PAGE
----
Arctocephalus townsendi NatureServe Explorer Species Reports — NatureServe Explorer is a source for authoritative conservation information on more than 50,000 plants, animals and ecological communtities of the U.S and Canada. NatureServe Explorer provides in-depth information on rare and endangered species, but includes common plants and animals too. NatureServe Explorer is a product of NatureServe in collaboration with the Natural Heritage Network.
ITIS Reports — Arctocephalus townsendi ITIS (the Integrated Taxonomic Information System) is a source for authoritative taxonomic information on plants, animals, fungi, and microbes of North America and the world.
FWS Digital Media Library — The U.S. Fish and Wildlife Service’s National Digital Library is a searchable collection of selected images, historical artifacts, audio clips, publications, and video.The Guadalupe fur seal is one of six members of the fur seal genus Arctocephalus. Sealers reduced the population to just a few dozen by the late 19th century, but the species had recovered to 10,000 in number by the late 1990s. Many individuals can be found on Mexico’s Guadalupe Island.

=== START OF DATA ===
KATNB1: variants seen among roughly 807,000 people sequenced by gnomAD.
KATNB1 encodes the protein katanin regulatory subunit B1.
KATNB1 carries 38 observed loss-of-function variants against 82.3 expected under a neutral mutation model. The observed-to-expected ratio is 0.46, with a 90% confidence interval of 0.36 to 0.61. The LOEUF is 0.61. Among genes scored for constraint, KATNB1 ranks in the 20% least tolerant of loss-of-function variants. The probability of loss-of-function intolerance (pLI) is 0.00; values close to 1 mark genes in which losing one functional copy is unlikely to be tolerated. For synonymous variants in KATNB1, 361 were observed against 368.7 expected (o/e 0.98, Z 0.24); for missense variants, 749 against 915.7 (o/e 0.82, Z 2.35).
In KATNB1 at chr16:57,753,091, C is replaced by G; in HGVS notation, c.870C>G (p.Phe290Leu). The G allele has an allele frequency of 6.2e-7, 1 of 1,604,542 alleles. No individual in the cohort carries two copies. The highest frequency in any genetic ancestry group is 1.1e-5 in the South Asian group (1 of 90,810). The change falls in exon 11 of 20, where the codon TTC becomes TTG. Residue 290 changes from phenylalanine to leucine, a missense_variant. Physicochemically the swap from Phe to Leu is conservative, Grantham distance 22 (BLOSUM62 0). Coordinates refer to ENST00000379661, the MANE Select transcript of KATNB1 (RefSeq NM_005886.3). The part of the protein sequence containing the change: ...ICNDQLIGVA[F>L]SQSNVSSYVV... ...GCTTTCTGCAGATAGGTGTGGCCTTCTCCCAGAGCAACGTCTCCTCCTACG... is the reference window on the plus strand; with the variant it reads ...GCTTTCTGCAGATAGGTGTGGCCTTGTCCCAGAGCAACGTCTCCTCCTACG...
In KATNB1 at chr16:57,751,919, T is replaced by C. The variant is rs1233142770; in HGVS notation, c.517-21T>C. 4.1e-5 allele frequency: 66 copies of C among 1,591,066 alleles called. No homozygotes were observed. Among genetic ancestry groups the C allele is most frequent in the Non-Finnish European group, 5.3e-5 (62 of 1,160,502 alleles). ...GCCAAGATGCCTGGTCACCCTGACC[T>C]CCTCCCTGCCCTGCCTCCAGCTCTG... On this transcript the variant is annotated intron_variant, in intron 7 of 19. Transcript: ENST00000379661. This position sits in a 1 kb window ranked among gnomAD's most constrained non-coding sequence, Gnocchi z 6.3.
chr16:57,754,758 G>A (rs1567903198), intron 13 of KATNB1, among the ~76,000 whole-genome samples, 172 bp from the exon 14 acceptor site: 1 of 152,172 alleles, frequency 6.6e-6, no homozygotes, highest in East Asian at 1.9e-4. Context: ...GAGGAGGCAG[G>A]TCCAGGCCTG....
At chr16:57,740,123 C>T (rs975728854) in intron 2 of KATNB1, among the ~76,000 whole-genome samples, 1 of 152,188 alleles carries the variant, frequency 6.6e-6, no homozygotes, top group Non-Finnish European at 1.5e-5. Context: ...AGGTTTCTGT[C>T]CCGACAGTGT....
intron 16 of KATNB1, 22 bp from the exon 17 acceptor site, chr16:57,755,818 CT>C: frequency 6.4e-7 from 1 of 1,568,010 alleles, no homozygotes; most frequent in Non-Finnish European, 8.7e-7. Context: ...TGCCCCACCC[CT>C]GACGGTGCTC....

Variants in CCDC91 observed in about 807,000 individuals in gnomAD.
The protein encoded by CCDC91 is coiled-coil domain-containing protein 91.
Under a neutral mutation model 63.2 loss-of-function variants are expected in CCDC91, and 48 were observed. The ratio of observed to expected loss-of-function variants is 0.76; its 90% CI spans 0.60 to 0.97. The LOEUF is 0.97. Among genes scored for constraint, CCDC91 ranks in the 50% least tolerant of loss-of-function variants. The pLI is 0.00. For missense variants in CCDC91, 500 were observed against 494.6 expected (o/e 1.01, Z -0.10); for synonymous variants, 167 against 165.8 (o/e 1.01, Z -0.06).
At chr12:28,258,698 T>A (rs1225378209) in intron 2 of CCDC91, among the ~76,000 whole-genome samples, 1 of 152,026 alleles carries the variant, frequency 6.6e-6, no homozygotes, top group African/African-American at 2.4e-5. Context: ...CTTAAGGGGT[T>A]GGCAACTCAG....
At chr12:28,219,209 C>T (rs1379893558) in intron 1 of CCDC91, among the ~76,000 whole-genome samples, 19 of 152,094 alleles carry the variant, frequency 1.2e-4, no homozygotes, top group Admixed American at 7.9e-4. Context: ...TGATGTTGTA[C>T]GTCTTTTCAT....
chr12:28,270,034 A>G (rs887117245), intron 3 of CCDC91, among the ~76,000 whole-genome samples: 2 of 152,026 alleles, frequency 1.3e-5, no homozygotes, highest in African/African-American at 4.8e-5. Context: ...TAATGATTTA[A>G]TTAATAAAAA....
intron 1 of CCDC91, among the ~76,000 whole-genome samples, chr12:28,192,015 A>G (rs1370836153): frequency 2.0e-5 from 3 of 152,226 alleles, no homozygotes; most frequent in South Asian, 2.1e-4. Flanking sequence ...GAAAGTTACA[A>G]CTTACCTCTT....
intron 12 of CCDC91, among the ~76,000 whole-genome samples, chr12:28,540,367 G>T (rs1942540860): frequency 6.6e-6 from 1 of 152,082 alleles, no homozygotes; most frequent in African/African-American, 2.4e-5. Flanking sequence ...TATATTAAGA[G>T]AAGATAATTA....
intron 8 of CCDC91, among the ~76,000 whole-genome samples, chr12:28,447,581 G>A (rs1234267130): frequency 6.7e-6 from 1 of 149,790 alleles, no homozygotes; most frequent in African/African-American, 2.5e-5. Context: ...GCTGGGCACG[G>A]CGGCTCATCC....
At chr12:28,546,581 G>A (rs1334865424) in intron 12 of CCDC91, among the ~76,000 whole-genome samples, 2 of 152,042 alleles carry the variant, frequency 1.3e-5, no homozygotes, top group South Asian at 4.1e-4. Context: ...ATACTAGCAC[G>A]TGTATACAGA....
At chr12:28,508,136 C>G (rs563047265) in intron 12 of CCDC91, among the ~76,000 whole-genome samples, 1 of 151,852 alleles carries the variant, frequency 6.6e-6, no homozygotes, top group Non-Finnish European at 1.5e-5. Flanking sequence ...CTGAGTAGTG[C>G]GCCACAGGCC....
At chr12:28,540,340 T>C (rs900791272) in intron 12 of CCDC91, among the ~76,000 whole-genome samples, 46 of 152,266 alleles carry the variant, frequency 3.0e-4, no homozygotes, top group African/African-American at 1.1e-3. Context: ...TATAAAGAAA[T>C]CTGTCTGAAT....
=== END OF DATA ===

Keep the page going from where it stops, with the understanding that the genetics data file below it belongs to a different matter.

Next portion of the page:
Guadalupe fur seals are sexually dimorphic in size, with the males being much larger than females, although few specimens have been measured. Individuals of both sexes are dark brown or dusky black, with the guard hairs on the back of the neck being yellowish or light tan. Pups are born with a black coat similar to that of adults. The seals are one of the few with visible earflaps, confirming it is not a phocid/true seal. Guadalupe fur seals breed along the eastern coast of Guadalupe Island, approximately 200 km west of Baja California. In addition, individuals have been sighted in the southern California Channel Islands, including two males who established territories on San Nicolas Island. Stray seals have been found as far north as Oregon